|Secondly, it is important to bear in mind that the provisions of the Convention under consideration in this appeal are not those intended to regulate the making of final decisions as to whether a child is better suited to being with one parent or another, or in what jurisdiction, save in exceptional circumstances not arising here. In an ideal world a child would reside with both parents, especially in circumstances where both parties have joint custody and evince a keen interest in the child, as the learned High Court judge found to be the case here. These Convention provisions concern assessing, by reference to habitual residence, which is the appropriate jurisdiction in which such matters ought to be determined. Any decision by this court therefore on the question of habitual residence, is not a decision by which the future of the child is being determined, but rather a preliminary jurisdictional step in that procedure. In difficult cases where parents have been unable to agree on such matters, as here, and a court is instead obliged to make that determination, it is axiomatic that the wish or hope of one or other parent may have to be rejected, applying the appropriate established principles of law to the facts, and that in any such cases of parental interest in the child by both parties, the decision of the court will be difficult not only for one or other parent, but may also impact on the child. At the time of the High Court proceedings and at the time of the delivery of this judgment, R lives with her mother in Cork. The applicant, her father, returned to Australia in January 2009 but attended court for the hearing of his application in the High Court, and of the appeal in this Court.|
In this case the learned trial judge found that S.B. was habitually resident in Latvia prior to her removal. On the facts of the case, including the affidavit of laws of Latvia, and the law, I would uphold the judgment of the High Court that the minor S.B. was habitually resident in Latvia before her removal by the appellant. Thus the State which has jurisdiction to decide on the issues of custody and access to the minor S.B. is Latvia. Any order of return of the minor to Latvia would be to that jurisdiction so that the District Court, or any other relevant court, could make decisions on the custody of or access to the minor S.B.. This Court is not making, nor has jurisdiction to make, any determination in relation to the future custody of or and access to the child S.B. – that jurisdiction rests with Latvia.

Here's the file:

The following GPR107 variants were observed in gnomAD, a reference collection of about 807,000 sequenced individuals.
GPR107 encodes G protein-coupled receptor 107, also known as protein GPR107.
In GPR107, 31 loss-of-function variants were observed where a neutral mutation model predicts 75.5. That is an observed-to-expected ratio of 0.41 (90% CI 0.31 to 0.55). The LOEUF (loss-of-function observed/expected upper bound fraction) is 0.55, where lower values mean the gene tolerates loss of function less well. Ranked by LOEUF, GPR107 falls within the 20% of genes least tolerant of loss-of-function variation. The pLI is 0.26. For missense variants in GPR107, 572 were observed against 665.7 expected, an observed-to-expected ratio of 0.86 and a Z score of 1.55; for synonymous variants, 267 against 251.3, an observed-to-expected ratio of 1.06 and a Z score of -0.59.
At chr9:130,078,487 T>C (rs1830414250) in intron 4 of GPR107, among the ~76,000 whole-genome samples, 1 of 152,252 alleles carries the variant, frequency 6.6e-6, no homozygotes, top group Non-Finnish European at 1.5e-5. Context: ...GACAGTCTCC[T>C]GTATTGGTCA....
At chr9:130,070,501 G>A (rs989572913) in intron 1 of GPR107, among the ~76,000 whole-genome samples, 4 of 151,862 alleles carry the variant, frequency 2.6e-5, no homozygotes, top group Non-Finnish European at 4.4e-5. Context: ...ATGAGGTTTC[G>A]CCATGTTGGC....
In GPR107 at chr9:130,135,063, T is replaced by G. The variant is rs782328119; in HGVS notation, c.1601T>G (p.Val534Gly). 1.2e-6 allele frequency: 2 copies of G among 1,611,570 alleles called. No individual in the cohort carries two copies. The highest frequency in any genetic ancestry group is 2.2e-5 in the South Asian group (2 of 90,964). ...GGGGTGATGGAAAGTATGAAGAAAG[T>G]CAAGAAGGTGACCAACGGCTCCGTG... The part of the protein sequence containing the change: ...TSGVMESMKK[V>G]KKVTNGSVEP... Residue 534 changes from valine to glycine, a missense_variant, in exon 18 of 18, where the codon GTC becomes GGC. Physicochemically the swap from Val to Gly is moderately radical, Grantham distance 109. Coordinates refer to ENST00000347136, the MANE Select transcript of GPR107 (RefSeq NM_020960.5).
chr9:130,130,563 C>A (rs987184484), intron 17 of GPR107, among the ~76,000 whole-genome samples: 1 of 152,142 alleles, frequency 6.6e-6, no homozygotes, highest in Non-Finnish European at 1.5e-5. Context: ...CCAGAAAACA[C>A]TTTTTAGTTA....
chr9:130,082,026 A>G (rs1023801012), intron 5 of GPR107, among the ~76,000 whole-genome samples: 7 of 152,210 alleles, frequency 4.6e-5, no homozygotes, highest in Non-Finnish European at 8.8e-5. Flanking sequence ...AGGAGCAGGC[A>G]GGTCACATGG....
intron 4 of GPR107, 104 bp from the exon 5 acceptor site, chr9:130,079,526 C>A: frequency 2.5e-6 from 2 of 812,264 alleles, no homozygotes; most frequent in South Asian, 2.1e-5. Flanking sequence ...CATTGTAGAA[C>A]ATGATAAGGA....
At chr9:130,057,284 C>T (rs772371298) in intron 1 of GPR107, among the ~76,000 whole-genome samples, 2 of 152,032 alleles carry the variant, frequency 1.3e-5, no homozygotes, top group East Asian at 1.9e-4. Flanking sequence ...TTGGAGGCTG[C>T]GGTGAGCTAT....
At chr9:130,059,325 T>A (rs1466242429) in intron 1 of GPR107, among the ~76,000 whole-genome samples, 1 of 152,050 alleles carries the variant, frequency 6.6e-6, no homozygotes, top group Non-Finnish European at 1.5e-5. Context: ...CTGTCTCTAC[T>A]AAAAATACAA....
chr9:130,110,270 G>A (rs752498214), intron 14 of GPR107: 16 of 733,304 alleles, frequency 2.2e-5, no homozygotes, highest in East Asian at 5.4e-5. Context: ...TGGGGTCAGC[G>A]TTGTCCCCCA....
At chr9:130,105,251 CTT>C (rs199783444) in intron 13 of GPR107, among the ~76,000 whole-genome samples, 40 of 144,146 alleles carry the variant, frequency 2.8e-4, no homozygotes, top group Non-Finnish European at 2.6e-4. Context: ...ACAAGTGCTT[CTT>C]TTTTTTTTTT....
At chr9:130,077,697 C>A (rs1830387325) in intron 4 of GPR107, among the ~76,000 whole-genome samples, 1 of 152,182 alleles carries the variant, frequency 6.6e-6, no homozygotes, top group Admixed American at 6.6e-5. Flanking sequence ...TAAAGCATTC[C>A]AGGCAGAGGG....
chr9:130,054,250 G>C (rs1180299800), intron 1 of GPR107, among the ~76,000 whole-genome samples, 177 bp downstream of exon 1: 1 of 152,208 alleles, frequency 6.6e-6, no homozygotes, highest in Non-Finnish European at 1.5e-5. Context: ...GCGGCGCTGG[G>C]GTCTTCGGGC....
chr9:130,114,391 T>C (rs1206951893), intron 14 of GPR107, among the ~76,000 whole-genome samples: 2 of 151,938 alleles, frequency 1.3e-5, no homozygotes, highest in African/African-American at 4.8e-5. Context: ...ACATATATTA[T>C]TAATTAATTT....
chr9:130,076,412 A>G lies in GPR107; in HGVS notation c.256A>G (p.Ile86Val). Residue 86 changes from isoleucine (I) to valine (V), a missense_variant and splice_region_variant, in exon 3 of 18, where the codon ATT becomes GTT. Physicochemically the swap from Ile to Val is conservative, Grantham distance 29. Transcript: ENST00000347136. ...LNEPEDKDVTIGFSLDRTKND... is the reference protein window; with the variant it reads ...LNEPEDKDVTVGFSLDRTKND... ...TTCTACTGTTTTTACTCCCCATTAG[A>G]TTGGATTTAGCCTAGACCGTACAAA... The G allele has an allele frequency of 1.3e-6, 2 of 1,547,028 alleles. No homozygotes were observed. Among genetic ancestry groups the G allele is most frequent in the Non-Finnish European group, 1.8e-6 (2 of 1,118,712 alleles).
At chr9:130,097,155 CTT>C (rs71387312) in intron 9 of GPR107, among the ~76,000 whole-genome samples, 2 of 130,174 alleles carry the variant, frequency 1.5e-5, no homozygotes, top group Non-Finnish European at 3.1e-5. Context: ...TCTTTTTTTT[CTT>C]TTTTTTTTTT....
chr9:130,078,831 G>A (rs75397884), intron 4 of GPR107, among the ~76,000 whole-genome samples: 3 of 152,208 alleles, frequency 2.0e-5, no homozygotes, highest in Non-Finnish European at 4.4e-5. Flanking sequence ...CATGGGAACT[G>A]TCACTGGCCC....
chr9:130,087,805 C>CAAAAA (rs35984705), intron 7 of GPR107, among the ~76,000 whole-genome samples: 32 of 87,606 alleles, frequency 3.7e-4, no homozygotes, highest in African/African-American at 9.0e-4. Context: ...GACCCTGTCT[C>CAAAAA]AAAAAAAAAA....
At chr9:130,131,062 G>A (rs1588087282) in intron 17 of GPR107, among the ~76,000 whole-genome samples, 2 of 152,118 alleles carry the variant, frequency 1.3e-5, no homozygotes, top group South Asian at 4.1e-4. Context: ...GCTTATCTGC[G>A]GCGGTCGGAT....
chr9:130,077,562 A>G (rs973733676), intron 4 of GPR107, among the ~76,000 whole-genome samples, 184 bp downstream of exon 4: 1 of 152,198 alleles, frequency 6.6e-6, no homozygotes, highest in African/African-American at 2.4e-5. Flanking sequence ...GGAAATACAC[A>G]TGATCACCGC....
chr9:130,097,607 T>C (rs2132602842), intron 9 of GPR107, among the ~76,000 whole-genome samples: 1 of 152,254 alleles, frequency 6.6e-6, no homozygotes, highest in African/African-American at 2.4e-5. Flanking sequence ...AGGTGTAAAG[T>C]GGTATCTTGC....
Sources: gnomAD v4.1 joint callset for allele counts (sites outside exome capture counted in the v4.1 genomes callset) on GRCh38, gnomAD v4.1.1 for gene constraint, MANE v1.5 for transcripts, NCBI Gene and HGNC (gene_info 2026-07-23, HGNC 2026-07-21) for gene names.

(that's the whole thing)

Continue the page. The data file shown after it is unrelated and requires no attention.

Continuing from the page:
The appellant contested the finding of parental responsibility. However, on all the facts of the case, I would affirm the finding of the High Court.
Removal in breach of right of custody
The appellant has appealed the issue of the removal of the child from Latvia as being in breach of a right of custody. However, it is clear from the facts which were before the High Court, and from the submissions made to this Court, that the parents exercised joint custody and that the appellant did not have the consent of the respondent to remove the child S.B. to Ireland from Latvia. I would affirm the decision of the High Court that the removal of S.B. was in breach of the rights of the respondent.
Were rights of custody actually being exercised either jointly or alone, or would they have been exercised but for the removal?
The appellant appealed the issue of whether rights of custody either jointly or alone were being exercised, or would they have been exercised but for the removal. However, it is apparent from the facts found by the High Court and the submissions made to this Court that the parties had joint custody and that the respondent had been exercising his rights. Indeed he was the chief carer of the child in her early years.
The appellant has appealed the decision of the High Court on grave risk. One of the exceptions to the rule that the State of the habitual residence of a child retain jurisdiction is if there is a "grave risk" in returning the child. The Hague Convention provides in general for the return of a child to the jurisdiction of his or her habitual residence. However, an exception exists, as provided for in Article 13, which states:-
.... the judicial or administrative authority of the requested State is not bound to order the return of the child if the person, institution or other body which opposes its return establishes that -